Two of these stories occurred during "waking" life and two occurred in my "dreaming" life. What I'd like to investigate is how all phenomena, arising during day or night, arises as a dream, a mystery of causes and conditions, and is truly the absence of the dream and the causes and conditions.
I dream almost every night. I wake up and bare witness to objects which seem external, but I'm convinced they are completely projected by mind; our bed, the moonlight, the paintings. I'm not sure about it, but it's a hunch! Things appear as amazing or not so amazing! This room, for example; what is the periphery? Things can seem 3 dimensional if I look for that dimension; things can seem very flat, like a paper shoji screen if I look for the flatness. And of course, everything I'm looking at is actually the absence of what I think I see. It's completely liberated from my projection.
What's interesting about dreams during sleeping life is that I hardly ever awake and feel guilty about what "I've done" or seek to right any injustice I witnessed. I don't hold any grudges. And yet, I often have nightmares that wake me up very early in the morning: my chest tightens, my breath becomes heavy with fear coursing through my body, and I struggle to stay in the dream, which is the third phase of practicing dream yoga, facing your nightmares. However, about an hour after the nightmare, it becomes more and more difficult to recall. And its effects were physiologically palpable.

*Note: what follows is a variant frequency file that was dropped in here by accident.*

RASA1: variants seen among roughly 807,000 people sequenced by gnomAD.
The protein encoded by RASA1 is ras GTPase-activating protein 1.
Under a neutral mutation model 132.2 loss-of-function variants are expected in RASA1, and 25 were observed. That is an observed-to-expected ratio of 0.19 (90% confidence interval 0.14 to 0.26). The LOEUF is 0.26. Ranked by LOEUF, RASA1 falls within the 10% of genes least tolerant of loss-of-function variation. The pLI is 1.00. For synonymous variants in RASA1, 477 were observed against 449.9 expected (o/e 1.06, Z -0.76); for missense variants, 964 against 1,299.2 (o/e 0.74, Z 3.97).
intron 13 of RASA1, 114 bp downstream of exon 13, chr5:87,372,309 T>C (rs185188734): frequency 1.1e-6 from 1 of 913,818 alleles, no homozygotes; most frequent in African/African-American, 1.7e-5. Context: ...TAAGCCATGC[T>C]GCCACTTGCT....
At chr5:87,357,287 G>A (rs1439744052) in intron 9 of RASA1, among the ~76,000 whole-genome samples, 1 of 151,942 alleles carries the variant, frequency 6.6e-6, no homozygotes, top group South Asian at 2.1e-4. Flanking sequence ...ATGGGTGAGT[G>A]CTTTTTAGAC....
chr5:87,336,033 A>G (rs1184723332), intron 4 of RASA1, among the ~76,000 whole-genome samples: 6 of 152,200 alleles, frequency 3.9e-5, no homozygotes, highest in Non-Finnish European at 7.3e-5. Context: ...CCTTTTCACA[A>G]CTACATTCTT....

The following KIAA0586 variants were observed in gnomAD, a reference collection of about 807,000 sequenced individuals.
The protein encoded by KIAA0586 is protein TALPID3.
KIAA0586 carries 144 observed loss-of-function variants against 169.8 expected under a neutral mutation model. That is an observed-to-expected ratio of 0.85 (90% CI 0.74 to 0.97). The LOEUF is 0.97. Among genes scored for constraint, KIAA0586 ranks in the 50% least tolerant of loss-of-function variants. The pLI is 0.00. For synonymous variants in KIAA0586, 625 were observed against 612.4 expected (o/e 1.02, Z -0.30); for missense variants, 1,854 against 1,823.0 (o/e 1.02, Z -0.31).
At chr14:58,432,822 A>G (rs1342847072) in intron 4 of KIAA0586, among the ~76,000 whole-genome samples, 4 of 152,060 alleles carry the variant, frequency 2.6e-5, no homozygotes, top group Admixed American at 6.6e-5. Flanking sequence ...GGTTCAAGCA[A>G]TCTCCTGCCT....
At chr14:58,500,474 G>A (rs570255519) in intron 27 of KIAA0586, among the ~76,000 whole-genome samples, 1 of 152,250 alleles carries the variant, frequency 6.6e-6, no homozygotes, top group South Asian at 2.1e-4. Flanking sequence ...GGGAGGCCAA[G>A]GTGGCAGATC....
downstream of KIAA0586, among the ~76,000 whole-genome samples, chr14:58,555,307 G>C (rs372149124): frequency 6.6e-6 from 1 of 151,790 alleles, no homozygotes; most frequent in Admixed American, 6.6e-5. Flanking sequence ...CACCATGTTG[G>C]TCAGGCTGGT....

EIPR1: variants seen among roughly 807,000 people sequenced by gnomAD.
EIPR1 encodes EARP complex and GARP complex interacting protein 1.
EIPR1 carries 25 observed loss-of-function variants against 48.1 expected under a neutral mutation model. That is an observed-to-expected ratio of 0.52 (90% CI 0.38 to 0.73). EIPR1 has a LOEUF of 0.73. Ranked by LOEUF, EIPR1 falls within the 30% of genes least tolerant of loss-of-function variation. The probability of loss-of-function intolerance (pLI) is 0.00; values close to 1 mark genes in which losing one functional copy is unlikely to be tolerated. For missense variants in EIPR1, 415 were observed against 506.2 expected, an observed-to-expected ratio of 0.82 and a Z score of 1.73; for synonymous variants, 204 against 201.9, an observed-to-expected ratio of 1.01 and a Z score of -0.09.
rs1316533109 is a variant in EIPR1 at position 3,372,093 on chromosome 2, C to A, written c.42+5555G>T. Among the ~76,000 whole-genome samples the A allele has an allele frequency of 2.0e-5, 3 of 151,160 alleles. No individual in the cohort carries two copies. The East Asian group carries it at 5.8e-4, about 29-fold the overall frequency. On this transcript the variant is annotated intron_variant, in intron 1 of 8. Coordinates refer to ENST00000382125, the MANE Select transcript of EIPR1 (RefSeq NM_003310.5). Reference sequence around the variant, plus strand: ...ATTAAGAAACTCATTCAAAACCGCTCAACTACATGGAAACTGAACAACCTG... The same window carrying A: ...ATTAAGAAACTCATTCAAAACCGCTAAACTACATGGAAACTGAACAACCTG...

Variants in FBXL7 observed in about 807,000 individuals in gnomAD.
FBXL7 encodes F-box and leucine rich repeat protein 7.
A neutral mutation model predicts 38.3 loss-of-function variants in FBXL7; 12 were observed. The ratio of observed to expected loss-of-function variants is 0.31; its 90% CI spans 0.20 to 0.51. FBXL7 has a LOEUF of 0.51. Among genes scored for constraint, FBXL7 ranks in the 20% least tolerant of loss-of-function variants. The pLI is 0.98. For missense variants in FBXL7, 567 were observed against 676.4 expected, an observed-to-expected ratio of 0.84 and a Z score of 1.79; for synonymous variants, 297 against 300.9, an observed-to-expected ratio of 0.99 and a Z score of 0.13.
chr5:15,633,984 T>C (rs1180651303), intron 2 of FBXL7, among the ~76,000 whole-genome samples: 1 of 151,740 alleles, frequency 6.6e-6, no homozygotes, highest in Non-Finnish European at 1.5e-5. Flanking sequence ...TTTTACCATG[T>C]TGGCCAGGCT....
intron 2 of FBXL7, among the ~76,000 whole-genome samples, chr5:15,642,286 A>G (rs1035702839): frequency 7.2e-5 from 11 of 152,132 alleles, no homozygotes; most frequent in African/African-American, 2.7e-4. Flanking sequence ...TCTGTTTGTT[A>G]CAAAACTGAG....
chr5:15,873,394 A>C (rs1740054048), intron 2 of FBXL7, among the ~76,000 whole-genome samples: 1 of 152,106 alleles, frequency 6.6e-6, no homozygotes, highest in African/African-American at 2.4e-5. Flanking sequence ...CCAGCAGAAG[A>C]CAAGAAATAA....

Story number one was an actual event! The physiological effects were similar to that of a nightmare. As I raced around on my bicycle, my heart pounded and I became angry. The difference was that it took me at least six to twelve hours to let the grating frustration go. I blamed people and wanted to tell them about what they did to me. But it occurred to me that just as people's eyes tend to glaze over when I drone on about my night dreams, maybe they don't need to hear about my day dreams either; maybe it didn't really happen the way it appeared to happen.
Recognizing a nightmare or daymare for it's illusory nature is not enough if they appear to exist independent of our own mind. I like when the fith and sixth precepts, not intoxicating self or other and not praising oneself at the expense of other, translate as "proceed clearly" and "see the perfection." Seeing clearly is acknowledging our imputation of this moment; seeing the perfection is acknowledging how this moment and what we see is free from our imputation. This is like an eyeball seeing an eyeball, luminous awareness of awareness.
In the Buddhist dream yoga tradition, sleeping, dreaming, and waking is a microcosm of dying, bardo, and rebirth. Lucid dreaming is breaking the habit energy of how we react to events, enlightened living is breaking the habit energy of how we react to events. But being lucid or being enlightened is not enough. The precepts wrap us in Bodhisattva armor, complete with phenomena-vision goggles- goggles that encourage us to keep looking to the three natures of all objects,feelings, and thoughts. When we vow every morning to see beyond form and emptiness, and when we take the sleeping lion's pose every night, gathering light at our heart and setting the intention to see the dream and practice the precepts, we turn our whole life into a practice life.
With this we may still be sleepwalkers, but without this we might not even know we are asleep.